Efforts to Prosecute Blackwater Are Collapsing
WASHINGTON — Nearly four years after the federal government began a string of investigations and criminal prosecutions against Blackwater Worldwide personnel accused of murder and other violent crimes in Iraq and Afghanistan, the cases are beginning to fall apart, burdened by a legal obstacle of the government’s own making.
In the most recent and closely watched case, the Justice Department on Monday said that it would not seek murder charges against Andrew J. Moonen, a Blackwater armorer accused of killing a guard assigned to an Iraqi vice president on Dec. 24, 2006. Justice officials said that they were abandoning the case after an investigation that began in early 2007, and included trips to Baghdad by federal prosecutors and F.B.I. agents to interview Iraqi witnesses.
The government’s decision to drop the Moonen case follows a series of failures by prosecutors around the country in cases aimed at former personnel of Blackwater, which is now known as Xe Services. In September, a Virginia jury was unable to reach a verdict in the murder trial of two former Blackwater guards accused of killing two Afghan civilians. Late last year, charges were dismissed against five former Blackwater guards who had been indicted on manslaughter and related weapons charges in a September 2007 shooting incident in Nisour Square in Baghdad, in which 17 Iraqi civilians were killed.
Interviews with lawyers involved in the cases, outside legal experts and a review of some records show that federal prosecutors have failed to overcome a series of legal hurdles, including the difficulties of obtaining evidence in war zones, of gaining proper jurisdiction for prosecutions in American civilian courts, and of overcoming immunity deals given to defendants by American officials on the scene.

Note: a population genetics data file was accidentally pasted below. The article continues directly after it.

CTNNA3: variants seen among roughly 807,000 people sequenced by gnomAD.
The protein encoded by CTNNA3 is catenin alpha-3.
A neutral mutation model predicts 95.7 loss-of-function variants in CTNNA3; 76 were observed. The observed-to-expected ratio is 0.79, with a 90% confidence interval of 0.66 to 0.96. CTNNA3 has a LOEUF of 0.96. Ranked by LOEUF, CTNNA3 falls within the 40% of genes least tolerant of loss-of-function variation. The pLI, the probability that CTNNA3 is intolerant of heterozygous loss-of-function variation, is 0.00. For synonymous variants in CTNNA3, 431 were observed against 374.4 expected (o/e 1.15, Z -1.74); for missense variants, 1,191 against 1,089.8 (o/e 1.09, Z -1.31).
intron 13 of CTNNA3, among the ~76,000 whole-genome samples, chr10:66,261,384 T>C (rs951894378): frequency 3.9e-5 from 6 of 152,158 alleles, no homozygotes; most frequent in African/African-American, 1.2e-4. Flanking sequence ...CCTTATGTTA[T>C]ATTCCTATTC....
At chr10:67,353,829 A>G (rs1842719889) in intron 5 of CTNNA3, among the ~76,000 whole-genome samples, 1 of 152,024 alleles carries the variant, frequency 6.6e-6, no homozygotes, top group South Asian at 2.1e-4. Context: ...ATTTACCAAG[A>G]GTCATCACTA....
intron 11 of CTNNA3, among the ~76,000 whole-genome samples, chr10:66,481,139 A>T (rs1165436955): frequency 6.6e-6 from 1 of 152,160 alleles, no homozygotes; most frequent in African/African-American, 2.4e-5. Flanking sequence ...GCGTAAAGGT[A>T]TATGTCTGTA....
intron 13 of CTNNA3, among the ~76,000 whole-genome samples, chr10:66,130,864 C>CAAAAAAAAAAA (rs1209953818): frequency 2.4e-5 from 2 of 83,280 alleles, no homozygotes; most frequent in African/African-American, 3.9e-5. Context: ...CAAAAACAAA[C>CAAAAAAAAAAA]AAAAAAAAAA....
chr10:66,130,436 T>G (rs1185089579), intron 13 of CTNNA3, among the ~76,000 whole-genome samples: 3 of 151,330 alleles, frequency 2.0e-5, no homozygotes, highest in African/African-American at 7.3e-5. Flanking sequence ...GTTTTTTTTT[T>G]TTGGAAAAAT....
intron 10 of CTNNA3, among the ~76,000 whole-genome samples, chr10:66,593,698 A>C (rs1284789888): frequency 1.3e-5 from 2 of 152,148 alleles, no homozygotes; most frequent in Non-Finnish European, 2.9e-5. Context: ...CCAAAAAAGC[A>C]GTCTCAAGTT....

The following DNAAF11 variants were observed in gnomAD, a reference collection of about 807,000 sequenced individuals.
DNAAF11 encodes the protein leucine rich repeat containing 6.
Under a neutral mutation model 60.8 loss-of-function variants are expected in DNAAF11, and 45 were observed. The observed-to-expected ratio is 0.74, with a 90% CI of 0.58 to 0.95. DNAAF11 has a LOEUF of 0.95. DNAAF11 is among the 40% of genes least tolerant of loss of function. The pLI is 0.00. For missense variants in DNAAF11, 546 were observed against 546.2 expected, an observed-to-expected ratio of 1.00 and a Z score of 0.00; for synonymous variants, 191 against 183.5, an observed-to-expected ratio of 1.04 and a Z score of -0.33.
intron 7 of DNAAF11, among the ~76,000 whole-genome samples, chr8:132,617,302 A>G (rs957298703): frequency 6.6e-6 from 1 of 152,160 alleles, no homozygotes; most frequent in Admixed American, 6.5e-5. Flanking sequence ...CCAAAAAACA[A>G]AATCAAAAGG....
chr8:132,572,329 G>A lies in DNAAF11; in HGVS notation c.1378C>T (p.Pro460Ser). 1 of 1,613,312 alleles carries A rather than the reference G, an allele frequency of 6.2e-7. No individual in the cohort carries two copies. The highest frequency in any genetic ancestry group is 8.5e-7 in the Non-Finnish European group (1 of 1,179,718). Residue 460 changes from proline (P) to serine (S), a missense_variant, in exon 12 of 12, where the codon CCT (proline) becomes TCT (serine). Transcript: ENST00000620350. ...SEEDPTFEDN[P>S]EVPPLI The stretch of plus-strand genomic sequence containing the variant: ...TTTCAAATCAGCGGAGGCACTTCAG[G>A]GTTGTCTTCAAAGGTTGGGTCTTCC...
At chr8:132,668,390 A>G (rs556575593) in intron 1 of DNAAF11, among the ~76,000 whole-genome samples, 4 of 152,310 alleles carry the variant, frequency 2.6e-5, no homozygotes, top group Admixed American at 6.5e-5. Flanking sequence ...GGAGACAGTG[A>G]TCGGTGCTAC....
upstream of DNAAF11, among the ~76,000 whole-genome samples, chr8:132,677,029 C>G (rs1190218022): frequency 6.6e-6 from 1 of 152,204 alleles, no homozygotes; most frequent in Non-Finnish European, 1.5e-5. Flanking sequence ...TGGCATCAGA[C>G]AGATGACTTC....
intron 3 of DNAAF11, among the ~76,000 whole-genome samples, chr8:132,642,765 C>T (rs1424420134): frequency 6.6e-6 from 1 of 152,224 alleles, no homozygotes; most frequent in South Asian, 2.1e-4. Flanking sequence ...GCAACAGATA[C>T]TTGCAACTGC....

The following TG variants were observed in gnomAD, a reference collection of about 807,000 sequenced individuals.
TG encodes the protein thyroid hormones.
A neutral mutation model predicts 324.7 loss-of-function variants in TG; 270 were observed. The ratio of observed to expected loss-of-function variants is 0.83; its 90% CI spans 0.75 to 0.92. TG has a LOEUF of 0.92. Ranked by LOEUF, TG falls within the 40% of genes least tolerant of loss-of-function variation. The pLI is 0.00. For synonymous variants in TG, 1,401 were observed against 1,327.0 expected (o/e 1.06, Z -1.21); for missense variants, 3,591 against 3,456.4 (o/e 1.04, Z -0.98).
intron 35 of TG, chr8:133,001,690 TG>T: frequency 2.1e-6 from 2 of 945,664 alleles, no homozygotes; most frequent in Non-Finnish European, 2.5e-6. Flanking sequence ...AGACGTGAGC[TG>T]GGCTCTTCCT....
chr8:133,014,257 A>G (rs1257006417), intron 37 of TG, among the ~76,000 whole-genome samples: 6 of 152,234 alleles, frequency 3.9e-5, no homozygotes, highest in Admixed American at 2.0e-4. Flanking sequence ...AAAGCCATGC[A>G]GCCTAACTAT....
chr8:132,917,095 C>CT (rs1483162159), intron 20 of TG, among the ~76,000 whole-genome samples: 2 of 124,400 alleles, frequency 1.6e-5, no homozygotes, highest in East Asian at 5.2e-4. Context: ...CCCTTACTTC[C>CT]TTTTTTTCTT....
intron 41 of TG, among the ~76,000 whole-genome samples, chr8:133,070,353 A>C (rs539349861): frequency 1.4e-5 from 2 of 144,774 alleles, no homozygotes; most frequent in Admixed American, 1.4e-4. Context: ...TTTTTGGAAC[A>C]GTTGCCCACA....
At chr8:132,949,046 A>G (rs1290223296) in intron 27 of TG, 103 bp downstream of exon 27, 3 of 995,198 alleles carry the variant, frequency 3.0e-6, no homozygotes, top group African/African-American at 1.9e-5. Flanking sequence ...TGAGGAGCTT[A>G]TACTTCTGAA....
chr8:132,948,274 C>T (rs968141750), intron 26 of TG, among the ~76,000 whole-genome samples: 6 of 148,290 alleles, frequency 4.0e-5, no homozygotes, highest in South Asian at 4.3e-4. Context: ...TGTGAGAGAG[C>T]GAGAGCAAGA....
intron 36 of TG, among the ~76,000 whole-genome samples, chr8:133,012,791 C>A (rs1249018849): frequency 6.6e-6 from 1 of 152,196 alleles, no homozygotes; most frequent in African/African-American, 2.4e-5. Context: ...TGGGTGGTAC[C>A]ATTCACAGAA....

“The battlefield,” said Charles Rose, a professor at Stetson University College of Law in Florida, “is not a place that lends itself to the preservation of evidence.”
The difficulty of these cases also illustrates the tricky legal questions raised by the government’s increasing use of private contractors in war zones.
Such problems clearly plagued the Moonen case. In the immediate aftermath of the Christmas Eve shooting, Mr. Moonen was interviewed, not by the F.B.I., but by an official with the Regional Security Office of the United States Embassy in Baghdad, the State Department unit that supervised Blackwater security guards in Iraq.
Mr. Moonen’s lawyer, Stewart Riley, said that his client gave the embassy officials a statement only after he was issued a so-called Garrity warning — a threat that he might lose his job if he did not talk, but that he would be granted immunity from prosecution for anything he said.
The legal warning and protection given to Mr. Moonen were similar to warnings that embassy officials later gave to Blackwater guards involved in the Nisour Square case. In each case, the agreements presented an obstacle to prosecution in the United States. In effect, the Blackwater personnel were given a form of immunity from prosecution by the people they were working for and helping to protect.
“Once you immunize statements, it is really hard to prosecute,” said Andrew Leipold, a law professor at the University of Illinois. “In the field, the people providing the immunity may value finding out what happened more than they do any possibility of prosecution. But that just makes any future prosecution really very hard.”